Estimated Reading Time 3 Minutes
This week I was thinking about the relationship between passion and risk and it seems to me that you can’t have one without the other.
According to Wikipedia,” passion is an intense emotion, a compelling enthusiasm or desire for something”. As a manager, you need to have and exude this emotion. People follow passionate leaders. Throughout history we find countless examples, some good and some bad, of passionate people sweeping up the masses into a focused course of action.
According to Wikipedia, “risk is defined as intentional interaction with uncertainty. Uncertainty is a potential, unpredictable, and uncontrollable outcome; risk is a consequence of action taken in spite of uncertainty.” Three ideas stand out about this definition of risk:
- Intentional – not accidental, or random occurrence.
- Uncertainty – there is a variety of possible outcomes that are difficult to predict with certainty.
- Consequence – there will be some outcome.
Chicken or the Egg?
Do you first become passionate about something and then that leads you to risk? Or do you put something at risk, and then you become passionate? It’s a good question worth pondering, particularly as a manager. I would suggest that you consider both sides of the coin. Here’s some questions for reflection:
- What am I passionate about as a manager? What would my direct reports say I’m passionate about?
- What do I have at risk as a manager?
- Would I be more passionate if I put more at risk? What does that look like?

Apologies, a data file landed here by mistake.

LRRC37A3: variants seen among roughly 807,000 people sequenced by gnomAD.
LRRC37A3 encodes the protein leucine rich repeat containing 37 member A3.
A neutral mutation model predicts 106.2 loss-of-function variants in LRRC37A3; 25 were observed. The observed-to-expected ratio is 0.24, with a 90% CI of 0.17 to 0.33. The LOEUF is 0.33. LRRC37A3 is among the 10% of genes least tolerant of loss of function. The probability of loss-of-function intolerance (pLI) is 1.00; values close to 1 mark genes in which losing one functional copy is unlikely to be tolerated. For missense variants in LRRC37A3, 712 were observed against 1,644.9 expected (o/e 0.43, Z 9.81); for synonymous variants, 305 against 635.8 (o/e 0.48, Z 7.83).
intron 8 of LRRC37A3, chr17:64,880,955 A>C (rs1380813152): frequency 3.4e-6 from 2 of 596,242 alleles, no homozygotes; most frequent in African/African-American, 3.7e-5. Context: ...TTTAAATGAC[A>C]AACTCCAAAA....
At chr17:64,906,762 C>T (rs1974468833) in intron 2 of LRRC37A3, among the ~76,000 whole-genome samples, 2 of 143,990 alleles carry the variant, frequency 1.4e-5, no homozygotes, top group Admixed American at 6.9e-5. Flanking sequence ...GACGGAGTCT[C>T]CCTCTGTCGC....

- Am I currently clinging to a safe, stable, and comfortable place as a manager?
- What do I have to gain by leaving my comfort zone? What do I have to lose?
The Dangers of Playing it Safe
It’s interesting that many managers seek safety over excellence. In his book Good to Great, Jim Collins makes the point that good is the enemy of great. Understand that it’s natural to gravitate towards safety, comfort, and security, but often those are the most dangerous places to be as a manager. Consider these ideas:
- Stagnation. Everything changes in the world around us and if we seek to avoid change, we lose ground. Consider numerous examples from the world of technology where staying the same led to obsolescence.
- Attitude. When your goal is to avoid change, and change occurs, you feel victimized. Playing victim gives away all your personal power.
- Boredom. Change keeps us sharp and alive. Refusing to change reduces our need to innovate and be creative. I have a two year old granddaughter who exemplifies this perfectly.
- Regret. The saddest thing I observe is a manager looking back and confessing with regret that they avoided taking a chance. And that is the greatest risk of all.
Set aside a few minutes this week and do some uninterrupted writing about your observations on passion and risk and where you are in relation to these two ideas. Use some of the questions above to help get you started. Maybe you need to remind yourself of what you have at risk in order to pump up your passion, or maybe you need to make the decision to put something at risk by committing yourself to leave your comfort zone. Either way, be reminded of the power of passion, and the necessity of taking risks, when it comes to leadership and achievement.